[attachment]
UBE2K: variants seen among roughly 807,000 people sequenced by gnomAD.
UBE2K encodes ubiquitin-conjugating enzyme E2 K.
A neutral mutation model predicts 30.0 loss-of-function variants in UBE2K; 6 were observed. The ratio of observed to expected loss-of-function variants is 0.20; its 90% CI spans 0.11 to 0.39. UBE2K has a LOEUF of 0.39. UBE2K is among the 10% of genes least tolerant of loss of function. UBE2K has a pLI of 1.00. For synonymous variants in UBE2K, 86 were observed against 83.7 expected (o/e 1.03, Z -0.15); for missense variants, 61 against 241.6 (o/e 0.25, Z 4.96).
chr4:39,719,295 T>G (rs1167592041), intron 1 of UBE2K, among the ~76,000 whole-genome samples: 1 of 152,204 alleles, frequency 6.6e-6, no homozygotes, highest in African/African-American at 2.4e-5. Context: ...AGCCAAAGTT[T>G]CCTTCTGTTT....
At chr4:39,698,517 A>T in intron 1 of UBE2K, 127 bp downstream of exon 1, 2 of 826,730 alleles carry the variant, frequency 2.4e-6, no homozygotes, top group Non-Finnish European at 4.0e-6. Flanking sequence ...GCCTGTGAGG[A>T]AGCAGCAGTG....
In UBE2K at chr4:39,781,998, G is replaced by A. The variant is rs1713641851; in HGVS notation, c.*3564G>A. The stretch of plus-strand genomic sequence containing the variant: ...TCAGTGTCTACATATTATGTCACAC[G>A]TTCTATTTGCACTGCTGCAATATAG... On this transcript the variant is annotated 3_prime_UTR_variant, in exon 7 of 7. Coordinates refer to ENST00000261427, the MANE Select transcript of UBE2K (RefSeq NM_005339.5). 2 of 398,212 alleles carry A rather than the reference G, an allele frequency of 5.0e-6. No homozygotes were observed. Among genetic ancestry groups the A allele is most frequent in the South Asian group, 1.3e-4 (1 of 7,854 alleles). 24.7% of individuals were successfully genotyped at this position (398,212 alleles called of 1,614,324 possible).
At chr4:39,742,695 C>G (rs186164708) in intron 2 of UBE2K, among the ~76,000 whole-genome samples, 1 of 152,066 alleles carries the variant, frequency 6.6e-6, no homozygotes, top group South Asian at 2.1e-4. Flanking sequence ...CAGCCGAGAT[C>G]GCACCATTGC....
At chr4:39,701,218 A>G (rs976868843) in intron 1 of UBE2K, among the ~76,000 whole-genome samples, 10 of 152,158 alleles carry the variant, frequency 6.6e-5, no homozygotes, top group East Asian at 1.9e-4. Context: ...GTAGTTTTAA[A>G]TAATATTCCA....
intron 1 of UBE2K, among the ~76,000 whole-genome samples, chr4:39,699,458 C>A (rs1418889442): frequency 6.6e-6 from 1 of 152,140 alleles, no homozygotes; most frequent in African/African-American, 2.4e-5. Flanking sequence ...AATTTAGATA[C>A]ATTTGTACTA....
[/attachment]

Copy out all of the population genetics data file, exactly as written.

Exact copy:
UBE2K: variants seen among roughly 807,000 people sequenced by gnomAD.
UBE2K encodes ubiquitin-conjugating enzyme E2 K.
A neutral mutation model predicts 30.0 loss-of-function variants in UBE2K; 6 were observed. The ratio of observed to expected loss-of-function variants is 0.20; its 90% CI spans 0.11 to 0.39. UBE2K has a LOEUF of 0.39. UBE2K is among the 10% of genes least tolerant of loss of function. UBE2K has a pLI of 1.00. For synonymous variants in UBE2K, 86 were observed against 83.7 expected (o/e 1.03, Z -0.15); for missense variants, 61 against 241.6 (o/e 0.25, Z 4.96).
chr4:39,719,295 T>G (rs1167592041), intron 1 of UBE2K, among the ~76,000 whole-genome samples: 1 of 152,204 alleles, frequency 6.6e-6, no homozygotes, highest in African/African-American at 2.4e-5. Context: ...AGCCAAAGTT[T>G]CCTTCTGTTT....
At chr4:39,698,517 A>T in intron 1 of UBE2K, 127 bp downstream of exon 1, 2 of 826,730 alleles carry the variant, frequency 2.4e-6, no homozygotes, top group Non-Finnish European at 4.0e-6. Flanking sequence ...GCCTGTGAGG[A>T]AGCAGCAGTG....
In UBE2K at chr4:39,781,998, G is replaced by A. The variant is rs1713641851; in HGVS notation, c.*3564G>A. The stretch of plus-strand genomic sequence containing the variant: ...TCAGTGTCTACATATTATGTCACAC[G>A]TTCTATTTGCACTGCTGCAATATAG... On this transcript the variant is annotated 3_prime_UTR_variant, in exon 7 of 7. Coordinates refer to ENST00000261427, the MANE Select transcript of UBE2K (RefSeq NM_005339.5). 2 of 398,212 alleles carry A rather than the reference G, an allele frequency of 5.0e-6. No homozygotes were observed. Among genetic ancestry groups the A allele is most frequent in the South Asian group, 1.3e-4 (1 of 7,854 alleles). 24.7% of individuals were successfully genotyped at this position (398,212 alleles called of 1,614,324 possible).
At chr4:39,742,695 C>G (rs186164708) in intron 2 of UBE2K, among the ~76,000 whole-genome samples, 1 of 152,066 alleles carries the variant, frequency 6.6e-6, no homozygotes, top group South Asian at 2.1e-4. Flanking sequence ...CAGCCGAGAT[C>G]GCACCATTGC....
At chr4:39,701,218 A>G (rs976868843) in intron 1 of UBE2K, among the ~76,000 whole-genome samples, 10 of 152,158 alleles carry the variant, frequency 6.6e-5, no homozygotes, top group East Asian at 1.9e-4. Context: ...GTAGTTTTAA[A>G]TAATATTCCA....
intron 1 of UBE2K, among the ~76,000 whole-genome samples, chr4:39,699,458 C>A (rs1418889442): frequency 6.6e-6 from 1 of 152,140 alleles, no homozygotes; most frequent in African/African-American, 2.4e-5. Flanking sequence ...AATTTAGATA[C>A]ATTTGTACTA....